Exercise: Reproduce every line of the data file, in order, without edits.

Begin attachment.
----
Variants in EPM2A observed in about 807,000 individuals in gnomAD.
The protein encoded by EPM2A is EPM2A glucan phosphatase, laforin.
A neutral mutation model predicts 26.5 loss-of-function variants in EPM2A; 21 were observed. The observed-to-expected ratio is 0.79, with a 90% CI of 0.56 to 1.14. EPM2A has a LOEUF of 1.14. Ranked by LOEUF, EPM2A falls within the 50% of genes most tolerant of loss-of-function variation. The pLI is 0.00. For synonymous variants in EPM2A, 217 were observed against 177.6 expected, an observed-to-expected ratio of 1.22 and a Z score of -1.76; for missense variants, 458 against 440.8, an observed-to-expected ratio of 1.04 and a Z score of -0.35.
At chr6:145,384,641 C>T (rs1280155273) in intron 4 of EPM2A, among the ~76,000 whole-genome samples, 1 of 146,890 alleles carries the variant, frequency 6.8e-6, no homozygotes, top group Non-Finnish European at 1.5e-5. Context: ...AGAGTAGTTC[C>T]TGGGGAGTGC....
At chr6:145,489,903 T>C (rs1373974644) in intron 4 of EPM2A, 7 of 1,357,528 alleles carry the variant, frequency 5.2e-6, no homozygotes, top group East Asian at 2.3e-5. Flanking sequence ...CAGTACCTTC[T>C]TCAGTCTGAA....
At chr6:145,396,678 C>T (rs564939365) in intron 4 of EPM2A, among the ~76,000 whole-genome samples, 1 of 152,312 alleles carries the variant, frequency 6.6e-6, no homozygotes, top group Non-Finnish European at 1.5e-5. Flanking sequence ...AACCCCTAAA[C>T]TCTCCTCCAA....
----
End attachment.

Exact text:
Variants in EPM2A observed in about 807,000 individuals in gnomAD.
The protein encoded by EPM2A is EPM2A glucan phosphatase, laforin.
A neutral mutation model predicts 26.5 loss-of-function variants in EPM2A; 21 were observed. The observed-to-expected ratio is 0.79, with a 90% CI of 0.56 to 1.14. EPM2A has a LOEUF of 1.14. Ranked by LOEUF, EPM2A falls within the 50% of genes most tolerant of loss-of-function variation. The pLI is 0.00. For synonymous variants in EPM2A, 217 were observed against 177.6 expected, an observed-to-expected ratio of 1.22 and a Z score of -1.76; for missense variants, 458 against 440.8, an observed-to-expected ratio of 1.04 and a Z score of -0.35.
At chr6:145,384,641 C>T (rs1280155273) in intron 4 of EPM2A, among the ~76,000 whole-genome samples, 1 of 146,890 alleles carries the variant, frequency 6.8e-6, no homozygotes, top group Non-Finnish European at 1.5e-5. Context: ...AGAGTAGTTC[C>T]TGGGGAGTGC....
At chr6:145,489,903 T>C (rs1373974644) in intron 4 of EPM2A, 7 of 1,357,528 alleles carry the variant, frequency 5.2e-6, no homozygotes, top group East Asian at 2.3e-5. Flanking sequence ...CAGTACCTTC[T>C]TCAGTCTGAA....
At chr6:145,396,678 C>T (rs564939365) in intron 4 of EPM2A, among the ~76,000 whole-genome samples, 1 of 152,312 alleles carries the variant, frequency 6.6e-6, no homozygotes, top group Non-Finnish European at 1.5e-5. Flanking sequence ...AACCCCTAAA[C>T]TCTCCTCCAA....